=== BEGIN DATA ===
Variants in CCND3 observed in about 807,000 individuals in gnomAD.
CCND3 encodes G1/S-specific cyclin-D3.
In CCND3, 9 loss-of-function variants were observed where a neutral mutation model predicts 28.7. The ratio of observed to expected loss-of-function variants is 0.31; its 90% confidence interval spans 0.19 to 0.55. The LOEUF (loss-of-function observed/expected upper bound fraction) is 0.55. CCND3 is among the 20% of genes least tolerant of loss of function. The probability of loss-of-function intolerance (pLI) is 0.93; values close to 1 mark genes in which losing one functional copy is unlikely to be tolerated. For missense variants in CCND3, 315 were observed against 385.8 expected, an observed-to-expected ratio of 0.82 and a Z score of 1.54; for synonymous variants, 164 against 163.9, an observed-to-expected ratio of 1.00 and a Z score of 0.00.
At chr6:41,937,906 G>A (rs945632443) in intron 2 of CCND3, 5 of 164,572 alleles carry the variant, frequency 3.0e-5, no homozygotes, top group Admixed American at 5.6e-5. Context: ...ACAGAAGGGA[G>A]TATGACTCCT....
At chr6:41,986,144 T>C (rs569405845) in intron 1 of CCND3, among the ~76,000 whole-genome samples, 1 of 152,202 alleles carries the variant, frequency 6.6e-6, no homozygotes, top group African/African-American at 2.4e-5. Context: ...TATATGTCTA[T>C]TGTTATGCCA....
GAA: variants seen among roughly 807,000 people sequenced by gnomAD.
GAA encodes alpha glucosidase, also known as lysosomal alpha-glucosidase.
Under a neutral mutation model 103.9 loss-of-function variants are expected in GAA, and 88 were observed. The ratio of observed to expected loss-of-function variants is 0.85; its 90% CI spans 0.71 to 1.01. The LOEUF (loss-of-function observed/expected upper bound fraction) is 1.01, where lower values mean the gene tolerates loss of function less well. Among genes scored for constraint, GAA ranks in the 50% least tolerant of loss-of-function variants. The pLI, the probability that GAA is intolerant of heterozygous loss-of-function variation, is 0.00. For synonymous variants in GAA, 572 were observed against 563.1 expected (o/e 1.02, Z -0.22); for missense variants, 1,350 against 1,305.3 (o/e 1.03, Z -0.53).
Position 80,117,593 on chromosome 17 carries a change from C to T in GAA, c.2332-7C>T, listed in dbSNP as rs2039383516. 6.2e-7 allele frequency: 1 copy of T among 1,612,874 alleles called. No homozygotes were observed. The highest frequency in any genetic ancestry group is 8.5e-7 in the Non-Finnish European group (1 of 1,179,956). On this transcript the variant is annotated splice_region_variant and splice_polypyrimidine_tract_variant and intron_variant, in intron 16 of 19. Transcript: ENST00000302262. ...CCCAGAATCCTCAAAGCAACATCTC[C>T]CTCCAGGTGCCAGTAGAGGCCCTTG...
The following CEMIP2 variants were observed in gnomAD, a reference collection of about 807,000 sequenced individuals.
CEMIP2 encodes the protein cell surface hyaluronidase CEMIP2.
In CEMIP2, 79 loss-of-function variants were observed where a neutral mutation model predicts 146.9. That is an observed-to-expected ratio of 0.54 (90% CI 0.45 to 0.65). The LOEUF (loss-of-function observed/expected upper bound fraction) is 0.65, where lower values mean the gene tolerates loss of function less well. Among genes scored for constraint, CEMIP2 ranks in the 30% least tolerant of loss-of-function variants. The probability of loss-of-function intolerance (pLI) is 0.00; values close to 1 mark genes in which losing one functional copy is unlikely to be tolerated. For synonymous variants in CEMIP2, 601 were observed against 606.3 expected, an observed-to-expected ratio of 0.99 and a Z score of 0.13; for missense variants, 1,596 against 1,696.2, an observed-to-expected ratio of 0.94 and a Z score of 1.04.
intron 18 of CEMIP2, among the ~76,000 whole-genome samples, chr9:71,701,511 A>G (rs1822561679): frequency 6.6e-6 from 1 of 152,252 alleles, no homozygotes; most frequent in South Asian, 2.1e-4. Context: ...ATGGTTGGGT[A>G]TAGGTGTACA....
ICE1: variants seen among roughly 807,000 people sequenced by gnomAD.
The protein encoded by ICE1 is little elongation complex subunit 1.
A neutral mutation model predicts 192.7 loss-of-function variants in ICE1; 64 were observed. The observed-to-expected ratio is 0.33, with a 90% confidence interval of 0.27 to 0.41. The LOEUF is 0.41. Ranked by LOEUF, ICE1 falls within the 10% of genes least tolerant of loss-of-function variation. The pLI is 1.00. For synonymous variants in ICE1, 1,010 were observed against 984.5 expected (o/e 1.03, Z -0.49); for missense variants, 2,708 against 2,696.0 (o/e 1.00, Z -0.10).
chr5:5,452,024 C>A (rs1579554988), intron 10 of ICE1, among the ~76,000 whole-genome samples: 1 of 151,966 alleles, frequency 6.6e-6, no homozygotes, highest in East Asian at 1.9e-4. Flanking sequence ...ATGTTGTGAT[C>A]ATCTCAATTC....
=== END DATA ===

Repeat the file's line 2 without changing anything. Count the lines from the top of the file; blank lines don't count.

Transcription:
CCND3 encodes G1/S-specific cyclin-D3.